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Companies are Placing Limits on Mental Health Therapy


Treatment for mental illness is a major driver of health care inflation and second only to heart disease, according to a new study in the journal Health Affairs. Among mental health treatments, antidepressant drugs known as SSRIs are a big contributor to that cost inflation, the study concludes. Over the last year, pharmacies filled more than $146 million in prescriptions for SSRIs.

These growing costs have led many employers to view mental health benefits as a potential drain on profits, making businesses reluctant to provide health insurance coverage for mental illness.

This might not be the wisest decisions for companies since an estimated 26.2 percent of Americans ages 18 and older, or about one in four adults suffer from a diagnosable and treatable mental disorder.

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Those feeling the pinch the most appear to be state and municipal employees who get their insurance through the Group Insurance Commission, a quasi-state agency that provides mental health coverage for more than 100,000 workers and their families.

Dolores Mitchell, executive director of the Group Insurance Commission, said her agency tightened its rules because mental health insurance rates in some of its employees’ plans jumped 22 percent in the past year. “I don’t think we’ll have savings with these changes, but I think we will put the brakes on increases,’’ Mitchell said. The commission is studying whether its rules comply with federal regulations, she said.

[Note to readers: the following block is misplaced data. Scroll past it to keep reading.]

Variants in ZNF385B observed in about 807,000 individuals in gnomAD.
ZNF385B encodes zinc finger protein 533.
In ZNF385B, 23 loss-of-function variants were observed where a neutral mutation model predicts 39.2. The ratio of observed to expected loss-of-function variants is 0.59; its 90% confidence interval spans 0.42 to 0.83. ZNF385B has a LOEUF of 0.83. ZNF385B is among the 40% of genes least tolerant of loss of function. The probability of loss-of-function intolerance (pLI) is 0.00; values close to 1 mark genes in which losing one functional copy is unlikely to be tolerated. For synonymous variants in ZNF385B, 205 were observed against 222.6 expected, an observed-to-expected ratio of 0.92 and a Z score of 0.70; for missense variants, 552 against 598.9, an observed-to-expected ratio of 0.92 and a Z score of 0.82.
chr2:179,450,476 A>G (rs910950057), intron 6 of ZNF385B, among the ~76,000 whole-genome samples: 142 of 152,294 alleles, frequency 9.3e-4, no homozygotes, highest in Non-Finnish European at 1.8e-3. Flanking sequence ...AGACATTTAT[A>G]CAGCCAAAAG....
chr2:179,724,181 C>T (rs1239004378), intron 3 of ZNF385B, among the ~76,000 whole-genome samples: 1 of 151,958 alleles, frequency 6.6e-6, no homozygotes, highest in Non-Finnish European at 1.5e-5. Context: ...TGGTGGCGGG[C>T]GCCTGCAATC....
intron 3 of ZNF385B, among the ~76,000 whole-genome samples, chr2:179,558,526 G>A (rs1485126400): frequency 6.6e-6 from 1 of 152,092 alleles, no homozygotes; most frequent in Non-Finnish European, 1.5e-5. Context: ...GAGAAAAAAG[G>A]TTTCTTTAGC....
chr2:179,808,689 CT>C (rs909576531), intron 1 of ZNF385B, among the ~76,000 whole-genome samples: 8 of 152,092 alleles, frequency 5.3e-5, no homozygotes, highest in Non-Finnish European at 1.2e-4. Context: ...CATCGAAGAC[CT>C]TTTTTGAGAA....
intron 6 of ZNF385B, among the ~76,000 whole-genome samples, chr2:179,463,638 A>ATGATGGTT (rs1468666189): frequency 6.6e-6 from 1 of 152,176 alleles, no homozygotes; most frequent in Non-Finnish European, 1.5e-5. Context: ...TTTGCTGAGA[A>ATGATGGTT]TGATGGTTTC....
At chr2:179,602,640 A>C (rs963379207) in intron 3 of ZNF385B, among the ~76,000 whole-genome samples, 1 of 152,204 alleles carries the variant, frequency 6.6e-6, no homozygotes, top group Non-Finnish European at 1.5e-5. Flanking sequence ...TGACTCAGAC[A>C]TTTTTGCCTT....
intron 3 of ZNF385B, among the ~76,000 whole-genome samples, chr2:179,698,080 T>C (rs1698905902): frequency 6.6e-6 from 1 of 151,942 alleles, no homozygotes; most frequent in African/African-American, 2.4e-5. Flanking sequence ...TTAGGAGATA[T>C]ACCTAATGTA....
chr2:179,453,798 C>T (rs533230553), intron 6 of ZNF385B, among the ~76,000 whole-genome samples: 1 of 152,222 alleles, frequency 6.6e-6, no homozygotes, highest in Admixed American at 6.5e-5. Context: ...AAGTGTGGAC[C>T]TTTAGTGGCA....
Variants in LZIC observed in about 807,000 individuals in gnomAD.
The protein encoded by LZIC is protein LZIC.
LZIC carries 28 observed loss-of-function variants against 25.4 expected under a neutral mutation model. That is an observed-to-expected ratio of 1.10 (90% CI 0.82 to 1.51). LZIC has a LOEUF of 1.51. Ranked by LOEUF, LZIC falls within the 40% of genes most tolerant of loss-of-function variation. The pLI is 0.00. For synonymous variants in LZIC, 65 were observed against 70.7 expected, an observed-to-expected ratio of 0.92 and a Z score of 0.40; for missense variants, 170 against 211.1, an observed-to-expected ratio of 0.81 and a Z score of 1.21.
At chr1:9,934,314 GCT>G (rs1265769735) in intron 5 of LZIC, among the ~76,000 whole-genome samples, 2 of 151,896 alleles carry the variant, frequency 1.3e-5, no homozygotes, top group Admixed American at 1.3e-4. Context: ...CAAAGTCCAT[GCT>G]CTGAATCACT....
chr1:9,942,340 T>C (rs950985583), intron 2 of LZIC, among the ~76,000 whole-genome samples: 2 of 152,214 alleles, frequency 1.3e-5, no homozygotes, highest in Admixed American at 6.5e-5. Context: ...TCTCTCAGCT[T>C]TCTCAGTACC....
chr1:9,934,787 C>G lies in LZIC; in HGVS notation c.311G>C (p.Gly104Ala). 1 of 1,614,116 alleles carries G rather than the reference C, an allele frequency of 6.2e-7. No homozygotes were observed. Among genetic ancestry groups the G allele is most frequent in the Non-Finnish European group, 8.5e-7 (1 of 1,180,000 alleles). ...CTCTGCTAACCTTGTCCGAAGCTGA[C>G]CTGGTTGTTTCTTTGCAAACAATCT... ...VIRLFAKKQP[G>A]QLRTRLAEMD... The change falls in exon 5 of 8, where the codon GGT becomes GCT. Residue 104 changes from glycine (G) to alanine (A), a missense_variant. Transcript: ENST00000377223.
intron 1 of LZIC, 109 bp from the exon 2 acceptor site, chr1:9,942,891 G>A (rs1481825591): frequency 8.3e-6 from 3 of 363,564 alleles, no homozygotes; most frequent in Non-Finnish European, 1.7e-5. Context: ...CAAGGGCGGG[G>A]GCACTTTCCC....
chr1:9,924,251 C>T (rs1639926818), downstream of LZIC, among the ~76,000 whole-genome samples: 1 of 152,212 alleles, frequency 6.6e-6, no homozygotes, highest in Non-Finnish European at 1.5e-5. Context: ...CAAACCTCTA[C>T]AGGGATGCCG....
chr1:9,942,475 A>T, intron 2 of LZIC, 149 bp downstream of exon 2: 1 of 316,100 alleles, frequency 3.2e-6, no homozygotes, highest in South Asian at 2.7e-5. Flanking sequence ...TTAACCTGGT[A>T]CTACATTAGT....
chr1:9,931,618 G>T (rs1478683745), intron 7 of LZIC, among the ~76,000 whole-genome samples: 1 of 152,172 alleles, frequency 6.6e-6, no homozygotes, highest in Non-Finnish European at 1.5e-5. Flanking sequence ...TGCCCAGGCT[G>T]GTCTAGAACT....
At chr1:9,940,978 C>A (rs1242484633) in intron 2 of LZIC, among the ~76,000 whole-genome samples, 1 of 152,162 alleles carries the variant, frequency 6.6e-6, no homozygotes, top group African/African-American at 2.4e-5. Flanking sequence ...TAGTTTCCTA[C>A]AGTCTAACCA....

Dr. Rhonda Robinson Beale, United’s chief medical officer, said the recession has forced many of the companies for which it provides coverage to make tough choices. “Our customers are facing downsizing or laying off people,’’ Beale said, “and they’re also trying to maintain benefits for people and trying not to increase their out-of-pocket costs.’’
Lexington psychologist Stephen Schlein said that in the last several months United Behavioral Health reviewers decided to terminate coverage of mental health sessions for three of his patients, including a 21-year-old suicidal college student and a man in his 60s who has terminal cancer and depression.

“In all my years, I have not seen anything like this,’’ said Schlein, a 40-year veteran. He said that he spent hours on the phone fighting to save his patients’ coverage and that ultimately his appeals were successful. But he said he felt so bullied that he will no longer accept new patients with United Behavioral Health coverage.

Meanwhile people who feel they may want good mental health therapy can utilize their companies EAP program or the many affordable clinics in their community that offer sliding scale. Many counselors in private practice use sliding scale fees as well making therapy more attainable to those whose insurance no longer covers them or gives them anonymity.